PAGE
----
Today I am delighted to present a conversation with our very own Tessa Barbosa, whose riveting debut novel THE MOONLIGHT BLADE came out yesterday. Tessa is a regular contributor here at Writer Unboxed, as well as a dear friend. We “met” maybe a decade ago through blogging, and bonded over our hyphenate identities and how that impacts our lives and our work. We’ve gone through many milestones in parallel over the years — from writing (and scrapping) manuscripts, to becoming mothers, to querying and being on submission… She is a gem of a person and a heck of a writer, and I’m over the moon that so many readers are about to discover her!
Let’s find out more about Tessa’s book, and her journey to this point.
KH: First, can you give a quick pitch of THE MOONLIGHT BLADE?
TB: Of course! It’s a story about a cursed girl who enters a deadly magical competition to save her condemned mother. She doesn’t know why her mother was arrested, but she soon discovers that she is the center of a conspiracy that spans past lives. If she doesn’t solve the mystery of who she is, and who she was, her curse could destroy the whole country – again.
KH: Phew, that’s a lot — in a good way! To me, THE MOONLIGHT BLADE felt like like a dash of Hunger Games (teens fighting to the death for a dubious distinction) + a spoonful of Laini Taylor (monsters, magic, past lives coming to bear) + a dozen heaping scoops of Tessa Barbosa (Filipino culture, family bonds, beautiful writing), which results in a story that’s incredibly fresh and vibrant, unlike anything I’ve read in a long long time.
What was the genesis of this story? How did THE MOONLIGHT BLADE start for you, and how did it come together?
TB: When I started writing it, I had a year old baby, and I’d taken a forced break from writing, because my pregnancy and newborn experience was so difficult. My daughter refused to sleep and cried constantly for 7 months straight. Every day I hoped it might get easier, but it didn’t for a long time. I was sleep deprived, and this story about complicated relationships between mothers and daughters, plus high stakes and a lot of pressure, somehow just poured out the moment I had a little free time again. It didn’t take long to draft the novel, but it took a substantial amount of time for me to revise it, because editing was a skill I didn’t have a lot of experience with yet.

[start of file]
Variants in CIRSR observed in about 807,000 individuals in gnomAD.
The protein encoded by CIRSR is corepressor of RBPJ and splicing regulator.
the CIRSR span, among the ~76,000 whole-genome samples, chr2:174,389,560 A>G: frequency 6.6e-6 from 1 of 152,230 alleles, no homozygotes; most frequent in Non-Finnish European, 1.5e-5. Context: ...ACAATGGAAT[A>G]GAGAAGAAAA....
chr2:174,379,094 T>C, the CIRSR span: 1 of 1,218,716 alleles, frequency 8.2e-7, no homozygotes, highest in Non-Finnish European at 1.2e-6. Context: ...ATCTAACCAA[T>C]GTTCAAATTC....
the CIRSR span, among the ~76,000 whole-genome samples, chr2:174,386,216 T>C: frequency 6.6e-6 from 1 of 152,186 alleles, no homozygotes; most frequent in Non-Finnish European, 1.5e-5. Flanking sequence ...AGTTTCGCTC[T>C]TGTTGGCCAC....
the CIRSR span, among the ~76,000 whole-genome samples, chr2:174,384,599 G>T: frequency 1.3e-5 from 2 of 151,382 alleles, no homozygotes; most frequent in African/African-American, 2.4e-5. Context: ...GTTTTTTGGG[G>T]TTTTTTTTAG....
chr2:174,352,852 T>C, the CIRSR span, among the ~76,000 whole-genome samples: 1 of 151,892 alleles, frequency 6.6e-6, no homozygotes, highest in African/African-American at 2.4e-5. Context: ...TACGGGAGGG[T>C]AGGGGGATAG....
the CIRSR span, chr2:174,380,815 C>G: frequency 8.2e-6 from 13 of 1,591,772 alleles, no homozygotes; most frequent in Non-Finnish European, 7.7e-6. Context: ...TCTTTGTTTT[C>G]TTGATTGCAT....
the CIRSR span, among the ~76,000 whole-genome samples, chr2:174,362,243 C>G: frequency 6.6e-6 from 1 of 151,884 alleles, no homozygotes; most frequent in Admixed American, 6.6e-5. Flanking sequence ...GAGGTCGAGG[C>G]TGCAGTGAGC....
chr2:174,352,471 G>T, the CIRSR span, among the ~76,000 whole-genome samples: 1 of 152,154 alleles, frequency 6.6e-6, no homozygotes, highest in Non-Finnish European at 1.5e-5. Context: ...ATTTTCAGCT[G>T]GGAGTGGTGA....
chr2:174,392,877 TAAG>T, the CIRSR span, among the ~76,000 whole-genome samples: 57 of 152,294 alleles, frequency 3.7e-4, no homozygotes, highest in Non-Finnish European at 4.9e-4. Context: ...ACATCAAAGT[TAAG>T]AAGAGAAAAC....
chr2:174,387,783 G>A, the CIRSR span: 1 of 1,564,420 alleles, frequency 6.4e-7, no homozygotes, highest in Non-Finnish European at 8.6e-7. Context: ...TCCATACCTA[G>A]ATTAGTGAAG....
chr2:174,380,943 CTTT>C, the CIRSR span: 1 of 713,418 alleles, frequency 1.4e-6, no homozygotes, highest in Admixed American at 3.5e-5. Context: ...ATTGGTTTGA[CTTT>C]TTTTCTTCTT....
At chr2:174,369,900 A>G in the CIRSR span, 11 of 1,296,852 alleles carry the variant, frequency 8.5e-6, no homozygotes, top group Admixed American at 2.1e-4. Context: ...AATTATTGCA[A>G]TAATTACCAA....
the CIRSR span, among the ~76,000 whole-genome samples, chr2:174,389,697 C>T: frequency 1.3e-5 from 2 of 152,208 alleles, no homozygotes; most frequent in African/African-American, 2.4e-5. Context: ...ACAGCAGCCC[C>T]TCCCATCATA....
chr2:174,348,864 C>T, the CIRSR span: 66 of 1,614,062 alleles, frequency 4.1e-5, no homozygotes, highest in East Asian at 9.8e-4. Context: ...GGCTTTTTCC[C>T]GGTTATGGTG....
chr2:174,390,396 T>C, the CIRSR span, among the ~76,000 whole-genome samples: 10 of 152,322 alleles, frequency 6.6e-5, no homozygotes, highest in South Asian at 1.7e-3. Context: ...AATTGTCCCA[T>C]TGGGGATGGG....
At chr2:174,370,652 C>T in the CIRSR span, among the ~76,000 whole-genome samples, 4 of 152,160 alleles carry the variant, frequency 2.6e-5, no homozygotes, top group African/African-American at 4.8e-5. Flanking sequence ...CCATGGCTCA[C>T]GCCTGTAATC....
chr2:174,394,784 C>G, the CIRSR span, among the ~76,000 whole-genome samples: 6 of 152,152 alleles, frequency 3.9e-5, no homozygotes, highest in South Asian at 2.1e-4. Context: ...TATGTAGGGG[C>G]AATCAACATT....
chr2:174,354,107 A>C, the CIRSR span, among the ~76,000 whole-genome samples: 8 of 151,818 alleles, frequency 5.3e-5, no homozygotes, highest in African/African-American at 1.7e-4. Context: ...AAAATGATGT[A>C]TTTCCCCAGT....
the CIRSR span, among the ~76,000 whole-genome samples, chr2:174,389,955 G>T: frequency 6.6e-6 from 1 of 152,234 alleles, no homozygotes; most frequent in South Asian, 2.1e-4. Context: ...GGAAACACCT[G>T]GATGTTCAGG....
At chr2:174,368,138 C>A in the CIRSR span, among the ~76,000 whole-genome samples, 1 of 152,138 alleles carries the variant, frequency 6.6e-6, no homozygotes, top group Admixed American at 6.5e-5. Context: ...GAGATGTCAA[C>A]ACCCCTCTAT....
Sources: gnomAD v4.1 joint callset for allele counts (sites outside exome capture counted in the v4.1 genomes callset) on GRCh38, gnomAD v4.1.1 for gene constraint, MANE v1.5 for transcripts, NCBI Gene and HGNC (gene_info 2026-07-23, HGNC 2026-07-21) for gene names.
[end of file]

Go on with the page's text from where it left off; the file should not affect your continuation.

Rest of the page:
KH: Oof, I’ve been there… With a tough baby, I mean. Never had a book pour out of me, sadly!
Your editing muscles must be incredible now, because Narra’s story is so powerful and layered. There is the mystery of her mother’s crime, the mystery of her connection to Teloh, the mystery of who is conspiring within the Fortress, and of course, the Sundo competition itself. How did you manage all these threads throughout the writing and editing processes?
TB: Staying VERY VERY organized. I have lists for everything, including a “story bible” which is an Excel spreadsheet with a description of every scene in the story, along with all the characters that appear, what day it is (because the timeline for the whole novel is a little over a week!), and columns for every subplot that gets addressed in each scene. It really saved me so many times, especially during edits.
KH: Wow! And in addition to juggling storylines, you also touch on a lot of important themes. Power, religion, class differences… Of course these concepts are relevant to every society, but I’m curious whether you feel THE MOONLIGHT BLADE approaches them with more of a “Western” or “Eastern” perspective?
TB: Both, I think? There’s a tension between how to exist within a collectivist culture, while still being fiercely independent, and not fitting an expected role, and I played with that when I wrote Narra. It’s something that I think a lot of children of immigrants living in the West can relate to. In addition to a generational struggle, there’s a cultural tug of war as well.
KH: For sure. Having an Asian immigrant mother myself, that certainly resonated with me when I was reading.